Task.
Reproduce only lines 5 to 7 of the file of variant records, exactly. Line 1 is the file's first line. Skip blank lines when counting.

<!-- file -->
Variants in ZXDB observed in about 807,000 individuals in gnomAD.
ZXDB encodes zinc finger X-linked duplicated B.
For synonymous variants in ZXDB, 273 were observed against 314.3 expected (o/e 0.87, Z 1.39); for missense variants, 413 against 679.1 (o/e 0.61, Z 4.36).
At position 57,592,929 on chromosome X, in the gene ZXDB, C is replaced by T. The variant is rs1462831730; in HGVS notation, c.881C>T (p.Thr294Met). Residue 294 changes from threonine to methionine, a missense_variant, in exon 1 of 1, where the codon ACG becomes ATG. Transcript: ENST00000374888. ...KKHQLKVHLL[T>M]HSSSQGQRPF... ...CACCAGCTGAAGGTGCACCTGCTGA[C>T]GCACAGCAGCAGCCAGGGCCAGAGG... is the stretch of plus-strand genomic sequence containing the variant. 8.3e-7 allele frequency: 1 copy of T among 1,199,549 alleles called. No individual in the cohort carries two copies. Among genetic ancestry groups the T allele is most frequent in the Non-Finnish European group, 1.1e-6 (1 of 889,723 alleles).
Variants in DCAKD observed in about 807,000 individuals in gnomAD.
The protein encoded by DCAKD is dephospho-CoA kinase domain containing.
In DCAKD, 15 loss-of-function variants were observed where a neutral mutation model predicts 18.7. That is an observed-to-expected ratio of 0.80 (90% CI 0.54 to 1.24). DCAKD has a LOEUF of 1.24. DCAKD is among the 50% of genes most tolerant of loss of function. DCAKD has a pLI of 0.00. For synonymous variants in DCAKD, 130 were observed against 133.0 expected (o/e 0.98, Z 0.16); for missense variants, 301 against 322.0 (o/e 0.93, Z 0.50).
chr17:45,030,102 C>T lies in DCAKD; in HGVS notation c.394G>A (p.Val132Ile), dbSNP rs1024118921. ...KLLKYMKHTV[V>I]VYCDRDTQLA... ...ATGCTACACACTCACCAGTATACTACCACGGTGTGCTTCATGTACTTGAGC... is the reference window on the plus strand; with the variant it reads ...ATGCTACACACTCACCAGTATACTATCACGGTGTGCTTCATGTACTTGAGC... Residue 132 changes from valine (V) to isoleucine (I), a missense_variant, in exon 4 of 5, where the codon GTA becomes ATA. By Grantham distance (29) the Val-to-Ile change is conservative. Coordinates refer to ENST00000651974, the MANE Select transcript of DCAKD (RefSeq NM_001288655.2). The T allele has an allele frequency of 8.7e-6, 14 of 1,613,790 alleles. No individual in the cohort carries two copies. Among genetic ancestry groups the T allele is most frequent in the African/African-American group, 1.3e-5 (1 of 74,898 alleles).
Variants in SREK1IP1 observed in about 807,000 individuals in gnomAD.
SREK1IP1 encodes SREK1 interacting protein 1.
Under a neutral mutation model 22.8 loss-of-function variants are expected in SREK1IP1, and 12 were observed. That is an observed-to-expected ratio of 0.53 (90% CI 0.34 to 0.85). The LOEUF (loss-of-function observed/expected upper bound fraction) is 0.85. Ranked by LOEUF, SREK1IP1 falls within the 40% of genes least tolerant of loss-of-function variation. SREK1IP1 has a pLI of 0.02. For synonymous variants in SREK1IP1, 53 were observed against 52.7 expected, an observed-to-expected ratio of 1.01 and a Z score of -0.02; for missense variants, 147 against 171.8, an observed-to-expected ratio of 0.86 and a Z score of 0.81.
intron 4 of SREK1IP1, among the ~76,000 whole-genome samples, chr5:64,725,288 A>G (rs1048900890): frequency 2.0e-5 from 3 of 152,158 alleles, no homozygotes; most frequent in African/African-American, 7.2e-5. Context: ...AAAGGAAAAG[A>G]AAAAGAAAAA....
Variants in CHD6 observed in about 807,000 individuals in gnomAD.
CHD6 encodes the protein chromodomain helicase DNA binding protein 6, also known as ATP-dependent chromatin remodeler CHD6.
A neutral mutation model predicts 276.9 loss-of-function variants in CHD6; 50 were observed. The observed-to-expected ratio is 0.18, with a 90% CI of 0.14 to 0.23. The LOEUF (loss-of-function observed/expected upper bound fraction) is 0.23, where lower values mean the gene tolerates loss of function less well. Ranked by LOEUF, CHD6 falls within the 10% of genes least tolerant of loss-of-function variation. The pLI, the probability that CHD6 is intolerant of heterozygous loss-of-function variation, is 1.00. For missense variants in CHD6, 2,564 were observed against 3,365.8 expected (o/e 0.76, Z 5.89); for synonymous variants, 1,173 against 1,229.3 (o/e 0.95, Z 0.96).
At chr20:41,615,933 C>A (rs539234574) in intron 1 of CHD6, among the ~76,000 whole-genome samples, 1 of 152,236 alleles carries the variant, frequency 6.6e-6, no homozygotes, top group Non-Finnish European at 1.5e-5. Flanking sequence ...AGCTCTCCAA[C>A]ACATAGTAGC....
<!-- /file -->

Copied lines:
Variants in DCAKD observed in about 807,000 individuals in gnomAD.
The protein encoded by DCAKD is dephospho-CoA kinase domain containing.
In DCAKD, 15 loss-of-function variants were observed where a neutral mutation model predicts 18.7. That is an observed-to-expected ratio of 0.80 (90% CI 0.54 to 1.24). DCAKD has a LOEUF of 1.24. DCAKD is among the 50% of genes most tolerant of loss of function. DCAKD has a pLI of 0.00. For synonymous variants in DCAKD, 130 were observed against 133.0 expected (o/e 0.98, Z 0.16); for missense variants, 301 against 322.0 (o/e 0.93, Z 0.50).